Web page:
A new development has emerged in the ongoing investigation into the school shooting that unfolded in Parkland, Florida on Valentines Day.
According to the Associated Press, some school counselors and officials were so concerned about the mental stability of the shooter Nikolas Cruz, that they decided to have him forcibly committed more than a year before the murders took place on February 14, 2018. But the recommendation was never carried out.
Documents in the criminal case against the 19-year-old former student of Marjory Stoneman Douglas High School, show that school officials and a sheriff’s deputy recommended in September 2016 that Cruz be involuntarily committed for mental evaluation under Florida’s Baker Act for at least three days.
The documents show that he had written the word “kill” in a notebook, told a classmate that he wanted to buy a gun and use it, and had cut his arm supposedly in anger because he had broken up with a girlfriend.
Cruz also told another student he had drunk gasoline and was throwing up.
The FBI received calls about about Cruz and his desire to use a gun at the multi-building school.
Such an involuntary commitment would also have been a high obstacle if not a complete barrier to legally obtaining a firearm, such as the AR-15 rifle used in the killings.
There is no evidence Cruz was ever committed.
The school resource officer who recommended that Cruz be “Baker Acted” was Scot Peterson — the same Broward Sheriff’s Office deputy who resigned amid accusations he failed to respond to the shooting by staying outside the building where the killings occurred. The accusations were later proven by surveillance video that shows Peterson standing outside the building while Cruz went on his killing rampage.
David S. Weinstein, a former federal prosecutor, said that an involuntary commitment would have been a huge red flag had Cruz attempted to buy a firearm legally.
The documents do not say why Cruz was not committed under the Baker Act or whether he may not have qualified for other reasons. The law allows a law enforcement officer such as Peterson to initiate commitment under the Baker Act.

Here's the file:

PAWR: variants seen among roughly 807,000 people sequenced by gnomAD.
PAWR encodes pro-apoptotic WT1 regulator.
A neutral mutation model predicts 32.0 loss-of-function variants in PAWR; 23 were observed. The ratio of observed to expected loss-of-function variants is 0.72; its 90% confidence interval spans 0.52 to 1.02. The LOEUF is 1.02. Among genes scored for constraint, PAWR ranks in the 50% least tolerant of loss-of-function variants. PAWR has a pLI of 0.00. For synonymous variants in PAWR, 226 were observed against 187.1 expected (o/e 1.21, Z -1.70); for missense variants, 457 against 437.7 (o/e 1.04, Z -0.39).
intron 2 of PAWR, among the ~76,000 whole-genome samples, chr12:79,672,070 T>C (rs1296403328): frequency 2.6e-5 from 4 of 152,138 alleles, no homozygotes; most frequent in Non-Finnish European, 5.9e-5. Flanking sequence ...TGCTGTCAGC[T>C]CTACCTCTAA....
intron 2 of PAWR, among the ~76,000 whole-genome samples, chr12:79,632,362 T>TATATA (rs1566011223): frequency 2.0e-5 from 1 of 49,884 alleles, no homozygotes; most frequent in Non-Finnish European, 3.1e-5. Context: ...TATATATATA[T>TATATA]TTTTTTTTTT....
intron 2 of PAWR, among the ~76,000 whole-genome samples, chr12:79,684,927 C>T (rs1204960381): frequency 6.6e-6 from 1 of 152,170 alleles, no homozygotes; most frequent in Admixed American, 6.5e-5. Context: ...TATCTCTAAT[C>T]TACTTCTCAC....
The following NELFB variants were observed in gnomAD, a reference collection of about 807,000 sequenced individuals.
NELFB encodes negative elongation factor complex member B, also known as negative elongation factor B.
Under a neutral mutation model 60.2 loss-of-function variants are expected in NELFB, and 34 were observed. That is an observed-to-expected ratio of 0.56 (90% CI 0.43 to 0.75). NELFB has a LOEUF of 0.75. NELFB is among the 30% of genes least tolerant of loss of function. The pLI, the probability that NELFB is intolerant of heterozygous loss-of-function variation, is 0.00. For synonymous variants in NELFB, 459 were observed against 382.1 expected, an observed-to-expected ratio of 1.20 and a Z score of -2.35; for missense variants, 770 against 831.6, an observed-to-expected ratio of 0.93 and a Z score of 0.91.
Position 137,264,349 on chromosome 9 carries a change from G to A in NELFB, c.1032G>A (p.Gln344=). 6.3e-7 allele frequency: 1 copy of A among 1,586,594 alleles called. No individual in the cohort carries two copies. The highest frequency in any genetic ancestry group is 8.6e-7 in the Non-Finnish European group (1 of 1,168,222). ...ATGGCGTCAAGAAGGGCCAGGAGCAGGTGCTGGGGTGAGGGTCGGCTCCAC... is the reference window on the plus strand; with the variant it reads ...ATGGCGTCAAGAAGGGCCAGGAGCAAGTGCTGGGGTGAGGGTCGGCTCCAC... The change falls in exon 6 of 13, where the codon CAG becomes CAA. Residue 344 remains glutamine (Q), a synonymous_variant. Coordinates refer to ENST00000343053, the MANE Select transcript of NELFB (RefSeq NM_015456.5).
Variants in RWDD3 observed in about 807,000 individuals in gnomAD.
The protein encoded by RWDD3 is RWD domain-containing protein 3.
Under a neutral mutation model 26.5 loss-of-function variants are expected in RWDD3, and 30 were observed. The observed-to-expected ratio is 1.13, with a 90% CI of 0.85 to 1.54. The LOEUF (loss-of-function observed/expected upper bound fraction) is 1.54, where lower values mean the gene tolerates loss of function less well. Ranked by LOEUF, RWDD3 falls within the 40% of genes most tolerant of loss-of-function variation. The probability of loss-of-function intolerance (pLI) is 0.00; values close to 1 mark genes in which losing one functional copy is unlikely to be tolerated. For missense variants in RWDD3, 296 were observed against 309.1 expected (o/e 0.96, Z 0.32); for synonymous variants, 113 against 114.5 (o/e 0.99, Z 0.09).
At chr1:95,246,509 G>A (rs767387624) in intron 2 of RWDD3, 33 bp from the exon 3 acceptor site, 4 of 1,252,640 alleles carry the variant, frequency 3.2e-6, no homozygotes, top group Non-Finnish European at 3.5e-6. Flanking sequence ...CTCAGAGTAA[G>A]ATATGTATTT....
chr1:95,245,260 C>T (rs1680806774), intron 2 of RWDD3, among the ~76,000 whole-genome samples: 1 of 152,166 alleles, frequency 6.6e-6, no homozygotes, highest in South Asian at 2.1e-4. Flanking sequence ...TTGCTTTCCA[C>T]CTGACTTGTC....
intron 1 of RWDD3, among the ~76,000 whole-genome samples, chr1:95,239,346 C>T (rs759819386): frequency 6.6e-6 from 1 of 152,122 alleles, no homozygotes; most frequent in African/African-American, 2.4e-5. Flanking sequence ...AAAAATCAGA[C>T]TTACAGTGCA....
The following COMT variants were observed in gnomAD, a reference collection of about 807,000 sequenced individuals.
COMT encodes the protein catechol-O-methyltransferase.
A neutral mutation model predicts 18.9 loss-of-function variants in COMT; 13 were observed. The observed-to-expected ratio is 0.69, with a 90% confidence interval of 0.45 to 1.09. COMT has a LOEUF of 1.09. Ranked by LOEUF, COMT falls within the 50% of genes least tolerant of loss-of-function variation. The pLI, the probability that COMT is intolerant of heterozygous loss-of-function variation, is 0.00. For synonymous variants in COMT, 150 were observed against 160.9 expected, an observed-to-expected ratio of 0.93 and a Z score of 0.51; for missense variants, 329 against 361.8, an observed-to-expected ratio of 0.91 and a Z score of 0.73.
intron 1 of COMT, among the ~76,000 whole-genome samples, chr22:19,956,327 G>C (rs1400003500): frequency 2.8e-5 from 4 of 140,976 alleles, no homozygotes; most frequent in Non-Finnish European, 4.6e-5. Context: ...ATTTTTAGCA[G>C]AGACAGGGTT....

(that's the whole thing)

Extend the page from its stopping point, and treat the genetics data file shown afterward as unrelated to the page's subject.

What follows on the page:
Cruz is charged in a 34-count indictment with killing 17 people and wounding 17 others in the attack.
In the Henderson Behavioral Health documents, Cruz’s mother Lynda is quoted as saying she had fresh concerns about her son’s mental state after he punched holes in a wall at their home in Parkland. The clinicians at Henderson came to the home for interviews and said Cruz admitted punching the wall but said he did so because he was upset at a breakup with his girlfriend.
Cruz also admitted cutting his arm with a pencil sharpener.
After a Sept. 28, 2016 interview, the documents say Cruz “reports that he cut his arms 3-4 weeks ago and states that this is the only time he has ever cut. (Cruz) states that he cut because he was lonely, states that he had broken up with his girlfriend and reports that his grades had fallen. (Cruz) states that he is better now, reports that he is no longer lonely and states that his grades have gone back up.”
He also told the clinician he owned only a pellet gun and was not capable of doing “serious harm” to anyone.
The documents show that Cruz was very much on the radar screen of mental health professionals and the Broward County school system, yet very little appears to have been done other than these evaluations.
Other red flags have also surfaced, including calls to the FBI about Cruz’s potential to become a school shooter and numerous visits by county law enforcement officials to his home – both before his mother died in November and after, when he lived briefly with a family friend in Palm Beach County.
Again, very little was done.
It’s not clear from the documents who the recommendation was forwarded to or why it was not followed up.